Deborah

Friday, March 9, 2018

Project Run and Play Challenge: Inspired by Machu Picchu

Season 15 Project Run and Play Challenge is to
 recreate the feeling of one of the 7 Wonders of the World.
My inspiration is...
1.  Notice the pattern of the steps carved into the mountain side. I replicated that pattern when I created small pin tucks sewn on the red knit fabric featured on the
 arms and legs of both the top and pants.  
2.  A "burned out" two layer fabric of grey and black knit was used to replicate the texture created by the building ruins.
3.  I researched the colors used in Traditional Peruvian Dress and found a strong influence of red and black.  Colorful patterned stripes of many colors are also used.  
My outfit features red, black,  and white and black bands of striped fabric.


After choosing my fabric based on my inspiration, the next decision involved choosing just the right pattern for a pre-teen.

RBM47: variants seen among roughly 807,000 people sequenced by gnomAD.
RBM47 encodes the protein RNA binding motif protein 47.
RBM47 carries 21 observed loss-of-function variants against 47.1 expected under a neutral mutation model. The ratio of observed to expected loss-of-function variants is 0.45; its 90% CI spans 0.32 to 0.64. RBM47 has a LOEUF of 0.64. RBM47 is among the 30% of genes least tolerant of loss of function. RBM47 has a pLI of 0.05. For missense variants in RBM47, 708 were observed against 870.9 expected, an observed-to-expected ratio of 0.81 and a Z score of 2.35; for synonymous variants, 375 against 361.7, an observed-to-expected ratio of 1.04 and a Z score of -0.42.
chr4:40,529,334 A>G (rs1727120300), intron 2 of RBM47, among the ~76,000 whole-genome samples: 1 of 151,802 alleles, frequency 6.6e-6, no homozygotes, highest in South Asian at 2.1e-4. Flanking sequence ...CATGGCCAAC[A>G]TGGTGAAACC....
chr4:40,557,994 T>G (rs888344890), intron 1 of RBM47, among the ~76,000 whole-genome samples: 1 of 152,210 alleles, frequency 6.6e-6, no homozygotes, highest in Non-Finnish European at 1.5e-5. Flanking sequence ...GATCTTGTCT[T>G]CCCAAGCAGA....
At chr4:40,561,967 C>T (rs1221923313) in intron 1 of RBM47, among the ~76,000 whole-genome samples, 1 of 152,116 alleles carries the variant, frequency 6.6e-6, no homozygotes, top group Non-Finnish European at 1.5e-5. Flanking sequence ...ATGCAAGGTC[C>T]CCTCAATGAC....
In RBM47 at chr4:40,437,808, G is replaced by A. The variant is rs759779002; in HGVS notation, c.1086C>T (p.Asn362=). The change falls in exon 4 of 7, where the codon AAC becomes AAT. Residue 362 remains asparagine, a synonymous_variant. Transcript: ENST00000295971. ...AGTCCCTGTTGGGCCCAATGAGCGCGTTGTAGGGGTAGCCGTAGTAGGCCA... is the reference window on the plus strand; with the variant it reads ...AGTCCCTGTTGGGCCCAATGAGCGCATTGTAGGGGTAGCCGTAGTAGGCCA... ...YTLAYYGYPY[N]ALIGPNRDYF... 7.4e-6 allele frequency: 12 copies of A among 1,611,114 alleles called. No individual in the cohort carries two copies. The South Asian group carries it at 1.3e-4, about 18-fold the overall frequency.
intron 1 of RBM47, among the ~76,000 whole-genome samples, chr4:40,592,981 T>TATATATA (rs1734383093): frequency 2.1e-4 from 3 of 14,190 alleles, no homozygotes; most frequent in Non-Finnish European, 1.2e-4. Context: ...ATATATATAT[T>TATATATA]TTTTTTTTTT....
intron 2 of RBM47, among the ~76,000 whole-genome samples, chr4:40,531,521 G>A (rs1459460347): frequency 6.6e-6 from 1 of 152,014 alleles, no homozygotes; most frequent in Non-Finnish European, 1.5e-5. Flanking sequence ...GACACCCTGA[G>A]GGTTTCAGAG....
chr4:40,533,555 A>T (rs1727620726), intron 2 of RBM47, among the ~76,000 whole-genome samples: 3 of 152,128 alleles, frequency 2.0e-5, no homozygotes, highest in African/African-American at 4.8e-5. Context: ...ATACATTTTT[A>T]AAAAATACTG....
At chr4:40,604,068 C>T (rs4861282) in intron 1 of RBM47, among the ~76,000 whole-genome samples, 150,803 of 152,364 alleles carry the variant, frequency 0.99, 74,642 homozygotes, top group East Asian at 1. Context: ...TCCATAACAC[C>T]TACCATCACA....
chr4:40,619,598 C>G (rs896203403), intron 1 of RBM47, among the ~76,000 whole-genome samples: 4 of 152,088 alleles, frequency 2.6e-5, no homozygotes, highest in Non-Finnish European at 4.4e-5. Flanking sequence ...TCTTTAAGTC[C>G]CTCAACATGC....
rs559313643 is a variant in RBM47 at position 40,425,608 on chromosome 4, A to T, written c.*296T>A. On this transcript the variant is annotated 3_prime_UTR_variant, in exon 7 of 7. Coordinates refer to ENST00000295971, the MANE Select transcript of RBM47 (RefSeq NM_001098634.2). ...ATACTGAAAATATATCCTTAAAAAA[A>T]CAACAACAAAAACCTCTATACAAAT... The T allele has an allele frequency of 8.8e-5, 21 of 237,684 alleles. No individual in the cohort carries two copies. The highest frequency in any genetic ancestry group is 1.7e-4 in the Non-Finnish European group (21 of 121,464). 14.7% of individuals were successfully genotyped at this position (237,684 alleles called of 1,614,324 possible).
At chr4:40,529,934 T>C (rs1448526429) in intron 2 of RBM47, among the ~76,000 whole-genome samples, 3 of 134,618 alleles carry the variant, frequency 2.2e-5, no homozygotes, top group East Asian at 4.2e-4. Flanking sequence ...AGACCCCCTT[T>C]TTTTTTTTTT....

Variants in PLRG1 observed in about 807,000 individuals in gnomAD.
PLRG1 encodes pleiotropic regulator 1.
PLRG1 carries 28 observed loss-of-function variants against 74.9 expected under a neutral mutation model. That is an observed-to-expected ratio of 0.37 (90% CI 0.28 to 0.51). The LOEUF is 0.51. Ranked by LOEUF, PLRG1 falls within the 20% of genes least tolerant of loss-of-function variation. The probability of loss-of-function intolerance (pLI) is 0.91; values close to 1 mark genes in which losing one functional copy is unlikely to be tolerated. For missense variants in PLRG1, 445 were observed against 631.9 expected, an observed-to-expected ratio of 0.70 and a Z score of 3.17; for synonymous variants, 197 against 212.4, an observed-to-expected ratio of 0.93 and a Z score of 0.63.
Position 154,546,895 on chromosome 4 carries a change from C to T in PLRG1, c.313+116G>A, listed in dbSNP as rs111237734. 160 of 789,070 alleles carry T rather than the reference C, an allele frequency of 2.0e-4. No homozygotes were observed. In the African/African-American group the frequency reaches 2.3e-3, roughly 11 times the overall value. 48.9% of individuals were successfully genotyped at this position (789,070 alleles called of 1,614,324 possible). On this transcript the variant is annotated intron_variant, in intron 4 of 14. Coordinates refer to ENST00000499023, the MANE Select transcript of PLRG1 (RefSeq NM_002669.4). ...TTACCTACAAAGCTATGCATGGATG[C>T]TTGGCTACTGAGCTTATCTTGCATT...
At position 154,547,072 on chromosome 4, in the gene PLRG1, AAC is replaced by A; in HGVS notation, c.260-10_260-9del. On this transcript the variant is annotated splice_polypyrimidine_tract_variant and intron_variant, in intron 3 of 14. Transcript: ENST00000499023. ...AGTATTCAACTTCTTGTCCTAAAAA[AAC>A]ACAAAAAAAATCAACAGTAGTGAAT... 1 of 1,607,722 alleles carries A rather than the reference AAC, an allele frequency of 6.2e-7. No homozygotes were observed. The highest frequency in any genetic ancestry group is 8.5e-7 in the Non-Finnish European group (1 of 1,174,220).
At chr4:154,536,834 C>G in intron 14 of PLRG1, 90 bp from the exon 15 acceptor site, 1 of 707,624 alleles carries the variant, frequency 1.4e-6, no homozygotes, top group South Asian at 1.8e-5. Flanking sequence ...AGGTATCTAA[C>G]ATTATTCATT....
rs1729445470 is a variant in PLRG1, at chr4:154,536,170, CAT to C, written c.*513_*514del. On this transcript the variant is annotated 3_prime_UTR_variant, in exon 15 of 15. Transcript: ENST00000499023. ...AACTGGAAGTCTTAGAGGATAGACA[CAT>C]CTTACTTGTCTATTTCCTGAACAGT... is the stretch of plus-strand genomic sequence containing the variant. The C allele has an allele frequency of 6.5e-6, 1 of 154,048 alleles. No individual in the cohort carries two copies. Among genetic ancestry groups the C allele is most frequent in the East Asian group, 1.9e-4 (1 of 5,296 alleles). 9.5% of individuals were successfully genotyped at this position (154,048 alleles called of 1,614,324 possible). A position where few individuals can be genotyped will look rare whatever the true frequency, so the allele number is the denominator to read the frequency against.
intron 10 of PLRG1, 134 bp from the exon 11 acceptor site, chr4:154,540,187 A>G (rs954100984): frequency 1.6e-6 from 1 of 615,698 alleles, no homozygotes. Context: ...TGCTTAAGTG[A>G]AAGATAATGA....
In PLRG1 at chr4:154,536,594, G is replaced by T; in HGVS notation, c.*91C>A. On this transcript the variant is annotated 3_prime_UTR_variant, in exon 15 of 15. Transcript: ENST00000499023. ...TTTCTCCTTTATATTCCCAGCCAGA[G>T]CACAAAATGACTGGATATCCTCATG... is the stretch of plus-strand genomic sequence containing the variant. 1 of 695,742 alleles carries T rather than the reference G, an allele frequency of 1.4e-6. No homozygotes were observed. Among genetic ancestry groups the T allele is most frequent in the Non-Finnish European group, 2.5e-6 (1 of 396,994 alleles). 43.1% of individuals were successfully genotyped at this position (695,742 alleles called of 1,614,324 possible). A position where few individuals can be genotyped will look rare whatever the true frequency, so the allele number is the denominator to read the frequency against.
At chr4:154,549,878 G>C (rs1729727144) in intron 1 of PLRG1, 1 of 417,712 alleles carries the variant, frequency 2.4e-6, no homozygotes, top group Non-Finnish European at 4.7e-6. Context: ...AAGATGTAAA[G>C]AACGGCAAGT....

Crazy though it sounds, I used a German pattern 
to create the hooded top.
It's called "MiniMe" by Fusselfreies. 
It was fun to use a Google Translate app to help me know what to do.  Most of it is just like any sewing technique, but some of it is unique to that pattern.  Fun challenge for me. 
Can't have just plain grey pants to go with this top. So I drafted the pants myself, inserting the pin tuck panel in the knee area of the legs, just like the ones in the arms of the top. 









I chose the curved front panel option on the pattern.

This front panel on the pattern would be great to highlight words, Cricut cutout, or a preprinted panel.















The white and black bands of striped ribbed knit fabric frame Miss E's face and finish the arm and bottom of the top. I think the contrast of this stripe gives the outfit a real POP!


The bands of red fabric on the pants make her legs look so long and make the pants quite unique.

So do you think I achieved a look that is inspired by Machu Picchu?
Smiles,
Deborah